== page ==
News Local/State

Back To Drawing Board For Monticello School Officials After Referendum Defeat


When the Monticello school board meets next week, members are expected to discuss the voters’ rejection in Tuesday's election of a $40 million bond referendum to build a new high school, and turn the old high school campus into a district-wide grade school.

The referendum was defeated by a voter of 2,344 to 1,977.

Monticello School Board President Jim Dahl says it’s time for board members to take a step back to better understand what the community is asking for.

Dahl says he knows that many voters wanted more specifics about where the new high school would be located and what it would look like --- specifics that would have cost money to find out.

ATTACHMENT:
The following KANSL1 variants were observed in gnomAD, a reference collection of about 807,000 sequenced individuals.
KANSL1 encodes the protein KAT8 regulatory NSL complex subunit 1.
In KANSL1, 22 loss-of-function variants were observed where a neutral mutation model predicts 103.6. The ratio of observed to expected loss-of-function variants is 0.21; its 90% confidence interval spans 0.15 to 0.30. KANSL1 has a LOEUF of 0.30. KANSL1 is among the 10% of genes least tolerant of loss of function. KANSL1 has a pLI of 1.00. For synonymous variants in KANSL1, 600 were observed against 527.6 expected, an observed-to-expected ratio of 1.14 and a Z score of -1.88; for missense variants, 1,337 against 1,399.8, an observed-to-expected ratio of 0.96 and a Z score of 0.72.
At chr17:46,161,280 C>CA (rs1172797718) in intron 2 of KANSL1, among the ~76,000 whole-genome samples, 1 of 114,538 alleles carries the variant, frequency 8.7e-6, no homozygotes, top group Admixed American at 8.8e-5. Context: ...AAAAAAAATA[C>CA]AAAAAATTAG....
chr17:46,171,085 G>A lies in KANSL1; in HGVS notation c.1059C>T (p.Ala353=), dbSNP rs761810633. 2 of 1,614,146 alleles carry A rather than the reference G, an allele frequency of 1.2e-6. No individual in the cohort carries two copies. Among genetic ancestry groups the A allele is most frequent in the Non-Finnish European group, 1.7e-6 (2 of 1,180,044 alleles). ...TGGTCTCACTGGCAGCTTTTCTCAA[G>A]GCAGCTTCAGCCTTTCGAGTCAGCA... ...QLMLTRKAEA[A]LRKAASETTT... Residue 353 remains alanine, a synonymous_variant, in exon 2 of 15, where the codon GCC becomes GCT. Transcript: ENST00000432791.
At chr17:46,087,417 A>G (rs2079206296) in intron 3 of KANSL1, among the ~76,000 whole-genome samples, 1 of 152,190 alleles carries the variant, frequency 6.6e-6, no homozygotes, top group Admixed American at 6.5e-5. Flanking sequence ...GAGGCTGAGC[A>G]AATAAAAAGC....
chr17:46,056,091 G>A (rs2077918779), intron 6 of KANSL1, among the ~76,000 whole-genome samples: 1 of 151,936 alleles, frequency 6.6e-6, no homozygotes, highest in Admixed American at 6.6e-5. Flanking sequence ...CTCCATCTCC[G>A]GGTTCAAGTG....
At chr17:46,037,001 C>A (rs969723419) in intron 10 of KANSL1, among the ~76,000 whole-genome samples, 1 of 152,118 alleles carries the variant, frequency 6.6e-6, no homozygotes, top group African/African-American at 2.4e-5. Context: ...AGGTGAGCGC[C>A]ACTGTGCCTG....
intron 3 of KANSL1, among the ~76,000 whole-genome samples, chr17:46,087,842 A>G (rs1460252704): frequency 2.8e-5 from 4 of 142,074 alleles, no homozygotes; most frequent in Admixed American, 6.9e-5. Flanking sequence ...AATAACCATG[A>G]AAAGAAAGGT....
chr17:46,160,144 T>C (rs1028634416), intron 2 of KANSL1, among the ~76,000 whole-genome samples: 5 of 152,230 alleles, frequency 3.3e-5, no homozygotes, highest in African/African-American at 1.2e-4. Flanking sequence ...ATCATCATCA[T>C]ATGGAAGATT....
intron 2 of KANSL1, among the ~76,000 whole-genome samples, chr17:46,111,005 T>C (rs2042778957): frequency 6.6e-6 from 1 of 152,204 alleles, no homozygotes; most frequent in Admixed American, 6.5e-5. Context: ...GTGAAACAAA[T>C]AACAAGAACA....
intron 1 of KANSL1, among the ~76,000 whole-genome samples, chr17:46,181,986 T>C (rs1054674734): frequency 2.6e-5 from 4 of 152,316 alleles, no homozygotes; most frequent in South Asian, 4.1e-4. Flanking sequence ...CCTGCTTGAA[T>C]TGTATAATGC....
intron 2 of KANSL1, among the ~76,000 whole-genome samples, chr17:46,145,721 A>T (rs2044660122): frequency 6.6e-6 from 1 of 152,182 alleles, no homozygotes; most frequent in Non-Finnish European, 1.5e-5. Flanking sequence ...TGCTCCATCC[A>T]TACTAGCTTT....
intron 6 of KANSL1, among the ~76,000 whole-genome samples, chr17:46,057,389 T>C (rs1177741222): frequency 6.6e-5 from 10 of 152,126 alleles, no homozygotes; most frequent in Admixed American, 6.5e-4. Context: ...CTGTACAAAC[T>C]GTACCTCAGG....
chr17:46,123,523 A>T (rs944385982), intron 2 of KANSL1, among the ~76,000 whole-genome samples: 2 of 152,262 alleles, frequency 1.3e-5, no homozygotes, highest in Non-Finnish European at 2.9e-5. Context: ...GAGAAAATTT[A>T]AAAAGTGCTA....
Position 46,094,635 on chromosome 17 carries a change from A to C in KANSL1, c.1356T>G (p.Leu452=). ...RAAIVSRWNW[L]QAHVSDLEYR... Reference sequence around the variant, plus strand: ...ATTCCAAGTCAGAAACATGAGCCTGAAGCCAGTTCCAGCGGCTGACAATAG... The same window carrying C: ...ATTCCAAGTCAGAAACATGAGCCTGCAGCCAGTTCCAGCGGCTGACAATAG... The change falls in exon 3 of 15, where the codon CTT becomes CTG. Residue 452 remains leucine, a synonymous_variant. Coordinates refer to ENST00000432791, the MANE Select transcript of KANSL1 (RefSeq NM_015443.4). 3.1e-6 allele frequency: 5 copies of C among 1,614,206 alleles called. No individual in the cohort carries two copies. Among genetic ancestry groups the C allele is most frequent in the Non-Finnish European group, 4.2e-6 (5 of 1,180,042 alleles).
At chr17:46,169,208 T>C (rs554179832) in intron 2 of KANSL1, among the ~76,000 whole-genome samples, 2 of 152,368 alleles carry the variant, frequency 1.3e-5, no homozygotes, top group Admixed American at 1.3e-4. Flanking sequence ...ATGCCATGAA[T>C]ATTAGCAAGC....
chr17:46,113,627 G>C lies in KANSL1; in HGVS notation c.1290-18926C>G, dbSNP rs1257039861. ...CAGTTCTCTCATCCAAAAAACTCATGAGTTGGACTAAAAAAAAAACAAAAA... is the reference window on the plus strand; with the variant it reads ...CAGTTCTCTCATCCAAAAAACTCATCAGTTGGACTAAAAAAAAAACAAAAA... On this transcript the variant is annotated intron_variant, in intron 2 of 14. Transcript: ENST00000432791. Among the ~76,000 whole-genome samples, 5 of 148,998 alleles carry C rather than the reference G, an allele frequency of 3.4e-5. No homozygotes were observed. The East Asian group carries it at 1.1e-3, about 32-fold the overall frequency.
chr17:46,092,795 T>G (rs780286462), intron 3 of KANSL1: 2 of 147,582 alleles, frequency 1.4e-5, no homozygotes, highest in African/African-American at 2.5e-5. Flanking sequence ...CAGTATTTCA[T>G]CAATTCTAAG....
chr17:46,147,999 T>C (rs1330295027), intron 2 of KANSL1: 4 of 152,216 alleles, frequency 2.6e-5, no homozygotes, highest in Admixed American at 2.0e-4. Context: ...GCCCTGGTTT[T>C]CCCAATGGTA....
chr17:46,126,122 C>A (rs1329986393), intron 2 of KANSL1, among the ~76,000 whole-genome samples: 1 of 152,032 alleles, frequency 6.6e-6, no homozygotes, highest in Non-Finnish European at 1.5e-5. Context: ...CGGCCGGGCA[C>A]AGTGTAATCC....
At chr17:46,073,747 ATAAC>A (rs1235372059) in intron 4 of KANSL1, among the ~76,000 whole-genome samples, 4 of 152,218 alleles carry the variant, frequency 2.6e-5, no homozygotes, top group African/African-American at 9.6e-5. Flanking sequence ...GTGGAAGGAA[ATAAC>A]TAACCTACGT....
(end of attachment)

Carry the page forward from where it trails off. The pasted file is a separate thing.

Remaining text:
“It’s a good question to ask, because certainly, people want to understand what they’re quote-unquote 'buying'", said Dahl. "On the other hand, it requires expenditures with kind of an uncertainty to it. And the board was not, at that point in time, willing to spend the money without truly understanding exactly where we’re going to land on community support for a new building.”

 In contrast to Monticello, voters in the Champaign school district also rejected a high school bond referendum Tuesday. In their case, school officials had already chosen a site, on the northern edge of the city. Dahl says that Monticello voters have said in community meetings that they prefer a central location for a new high school.

While Monticello school district voters rejected the bond proposal, they --- along with the rest of Piatt County --- approved a county-wide sales tax for school facilities, by a vote of 3,769 to 3,255.

However, Monticello school officials say the projected $400,000 annual revenue from the sales tax won’t generate enough money by itself to build or remodel a high school.